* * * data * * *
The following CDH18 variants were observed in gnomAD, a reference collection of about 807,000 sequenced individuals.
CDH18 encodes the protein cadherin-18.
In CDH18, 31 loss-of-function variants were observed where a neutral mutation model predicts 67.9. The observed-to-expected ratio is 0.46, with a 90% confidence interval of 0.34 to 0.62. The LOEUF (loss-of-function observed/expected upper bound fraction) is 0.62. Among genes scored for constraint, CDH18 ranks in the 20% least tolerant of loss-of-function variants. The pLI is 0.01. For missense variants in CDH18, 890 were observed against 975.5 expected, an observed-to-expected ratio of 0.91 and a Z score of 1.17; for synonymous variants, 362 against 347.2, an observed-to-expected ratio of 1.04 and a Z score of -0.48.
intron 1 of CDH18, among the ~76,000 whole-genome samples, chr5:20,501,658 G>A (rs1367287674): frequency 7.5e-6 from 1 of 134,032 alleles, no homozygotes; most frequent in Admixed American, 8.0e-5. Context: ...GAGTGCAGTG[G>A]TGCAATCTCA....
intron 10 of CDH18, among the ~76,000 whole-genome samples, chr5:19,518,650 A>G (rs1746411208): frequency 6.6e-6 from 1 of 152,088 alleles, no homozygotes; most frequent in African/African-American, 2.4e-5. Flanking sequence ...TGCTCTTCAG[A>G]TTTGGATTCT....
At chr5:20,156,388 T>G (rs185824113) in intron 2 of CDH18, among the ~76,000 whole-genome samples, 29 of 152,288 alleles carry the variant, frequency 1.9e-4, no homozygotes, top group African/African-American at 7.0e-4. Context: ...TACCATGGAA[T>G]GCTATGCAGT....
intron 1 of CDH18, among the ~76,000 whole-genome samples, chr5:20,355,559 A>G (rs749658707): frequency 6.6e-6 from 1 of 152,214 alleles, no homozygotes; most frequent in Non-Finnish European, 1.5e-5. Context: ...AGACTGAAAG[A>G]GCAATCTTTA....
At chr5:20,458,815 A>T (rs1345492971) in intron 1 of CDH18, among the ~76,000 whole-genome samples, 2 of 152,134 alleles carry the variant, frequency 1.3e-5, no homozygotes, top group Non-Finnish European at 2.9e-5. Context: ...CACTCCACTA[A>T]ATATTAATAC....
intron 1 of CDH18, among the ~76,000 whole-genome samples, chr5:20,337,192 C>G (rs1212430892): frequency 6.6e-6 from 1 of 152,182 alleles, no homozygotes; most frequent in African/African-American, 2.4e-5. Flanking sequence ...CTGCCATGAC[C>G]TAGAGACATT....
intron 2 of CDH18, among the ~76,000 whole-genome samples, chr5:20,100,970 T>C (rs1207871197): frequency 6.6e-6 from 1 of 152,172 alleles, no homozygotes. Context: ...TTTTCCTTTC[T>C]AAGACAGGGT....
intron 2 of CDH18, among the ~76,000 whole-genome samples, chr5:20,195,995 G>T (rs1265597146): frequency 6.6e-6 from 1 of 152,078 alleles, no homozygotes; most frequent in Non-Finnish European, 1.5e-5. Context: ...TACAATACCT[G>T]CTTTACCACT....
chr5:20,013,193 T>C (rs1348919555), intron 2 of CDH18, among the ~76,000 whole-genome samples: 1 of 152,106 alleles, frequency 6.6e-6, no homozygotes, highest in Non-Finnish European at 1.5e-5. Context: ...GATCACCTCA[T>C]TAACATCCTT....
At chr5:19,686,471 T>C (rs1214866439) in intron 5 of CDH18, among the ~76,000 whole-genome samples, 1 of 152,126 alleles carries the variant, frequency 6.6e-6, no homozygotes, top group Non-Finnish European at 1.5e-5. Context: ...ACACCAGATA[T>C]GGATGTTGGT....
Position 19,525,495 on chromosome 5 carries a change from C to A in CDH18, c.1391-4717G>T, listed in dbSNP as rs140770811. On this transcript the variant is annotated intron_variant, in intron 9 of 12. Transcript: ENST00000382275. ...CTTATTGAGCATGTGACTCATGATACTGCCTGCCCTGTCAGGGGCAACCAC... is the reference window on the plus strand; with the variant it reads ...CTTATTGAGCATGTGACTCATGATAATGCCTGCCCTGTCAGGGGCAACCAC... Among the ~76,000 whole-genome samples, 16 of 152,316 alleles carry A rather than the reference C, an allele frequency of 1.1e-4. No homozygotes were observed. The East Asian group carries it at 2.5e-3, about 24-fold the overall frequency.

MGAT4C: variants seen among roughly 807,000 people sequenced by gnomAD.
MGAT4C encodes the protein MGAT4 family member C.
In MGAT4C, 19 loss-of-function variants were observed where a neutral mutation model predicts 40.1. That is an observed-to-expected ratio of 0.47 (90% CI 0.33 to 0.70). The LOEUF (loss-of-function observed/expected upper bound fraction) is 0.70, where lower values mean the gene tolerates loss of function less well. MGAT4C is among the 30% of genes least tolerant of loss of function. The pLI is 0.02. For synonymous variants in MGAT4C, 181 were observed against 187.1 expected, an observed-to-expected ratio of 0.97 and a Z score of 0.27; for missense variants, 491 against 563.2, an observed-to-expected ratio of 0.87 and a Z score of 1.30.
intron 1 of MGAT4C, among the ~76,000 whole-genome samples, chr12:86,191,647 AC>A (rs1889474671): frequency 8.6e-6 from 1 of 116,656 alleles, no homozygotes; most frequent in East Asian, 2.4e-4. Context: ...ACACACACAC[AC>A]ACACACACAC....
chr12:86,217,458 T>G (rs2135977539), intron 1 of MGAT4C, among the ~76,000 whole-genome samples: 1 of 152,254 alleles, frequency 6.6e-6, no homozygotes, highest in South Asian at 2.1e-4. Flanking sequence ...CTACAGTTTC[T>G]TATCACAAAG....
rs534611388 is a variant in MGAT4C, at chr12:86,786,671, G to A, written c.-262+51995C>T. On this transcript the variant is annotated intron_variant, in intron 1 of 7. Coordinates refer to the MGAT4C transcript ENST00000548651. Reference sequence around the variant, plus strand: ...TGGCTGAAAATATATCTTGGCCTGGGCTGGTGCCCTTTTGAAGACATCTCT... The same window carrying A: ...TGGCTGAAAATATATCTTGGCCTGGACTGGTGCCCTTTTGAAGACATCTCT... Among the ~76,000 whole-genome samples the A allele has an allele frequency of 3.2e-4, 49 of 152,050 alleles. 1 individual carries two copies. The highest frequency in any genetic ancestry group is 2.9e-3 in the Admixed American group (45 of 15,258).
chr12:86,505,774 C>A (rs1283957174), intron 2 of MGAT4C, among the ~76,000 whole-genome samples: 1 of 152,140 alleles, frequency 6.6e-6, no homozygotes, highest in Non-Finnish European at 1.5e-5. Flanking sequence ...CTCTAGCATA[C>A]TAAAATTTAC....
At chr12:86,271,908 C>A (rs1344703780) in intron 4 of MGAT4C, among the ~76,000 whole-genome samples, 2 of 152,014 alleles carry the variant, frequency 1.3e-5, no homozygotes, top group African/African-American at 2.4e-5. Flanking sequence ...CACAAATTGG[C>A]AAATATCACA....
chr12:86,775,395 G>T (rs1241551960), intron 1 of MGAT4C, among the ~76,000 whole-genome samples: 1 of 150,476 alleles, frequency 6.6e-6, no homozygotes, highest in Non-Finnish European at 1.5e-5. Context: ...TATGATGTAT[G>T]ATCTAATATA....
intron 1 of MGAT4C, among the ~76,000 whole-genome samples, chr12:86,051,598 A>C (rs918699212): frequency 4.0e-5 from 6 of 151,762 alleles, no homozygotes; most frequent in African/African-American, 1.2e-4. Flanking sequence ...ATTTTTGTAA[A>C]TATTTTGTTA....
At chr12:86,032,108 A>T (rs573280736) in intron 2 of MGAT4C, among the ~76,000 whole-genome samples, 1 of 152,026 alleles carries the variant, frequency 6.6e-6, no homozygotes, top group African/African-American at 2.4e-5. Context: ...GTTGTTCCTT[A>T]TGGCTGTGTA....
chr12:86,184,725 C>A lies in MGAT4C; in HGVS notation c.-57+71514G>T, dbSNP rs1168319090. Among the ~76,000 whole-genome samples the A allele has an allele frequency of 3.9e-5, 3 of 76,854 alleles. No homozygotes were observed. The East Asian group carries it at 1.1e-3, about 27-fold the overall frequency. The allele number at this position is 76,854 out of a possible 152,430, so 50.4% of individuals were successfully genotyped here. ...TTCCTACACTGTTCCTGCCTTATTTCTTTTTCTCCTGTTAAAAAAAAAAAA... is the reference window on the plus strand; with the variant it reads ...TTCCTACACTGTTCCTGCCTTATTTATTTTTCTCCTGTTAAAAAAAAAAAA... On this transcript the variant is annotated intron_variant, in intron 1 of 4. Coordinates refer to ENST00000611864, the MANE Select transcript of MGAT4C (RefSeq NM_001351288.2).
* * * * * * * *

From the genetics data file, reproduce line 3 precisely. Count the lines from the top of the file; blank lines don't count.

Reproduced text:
In CDH18, 31 loss-of-function variants were observed where a neutral mutation model predicts 67.9. The observed-to-expected ratio is 0.46, with a 90% confidence interval of 0.34 to 0.62. The LOEUF (loss-of-function observed/expected upper bound fraction) is 0.62. Among genes scored for constraint, CDH18 ranks in the 20% least tolerant of loss-of-function variants. The pLI is 0.01. For missense variants in CDH18, 890 were observed against 975.5 expected, an observed-to-expected ratio of 0.91 and a Z score of 1.17; for synonymous variants, 362 against 347.2, an observed-to-expected ratio of 1.04 and a Z score of -0.48.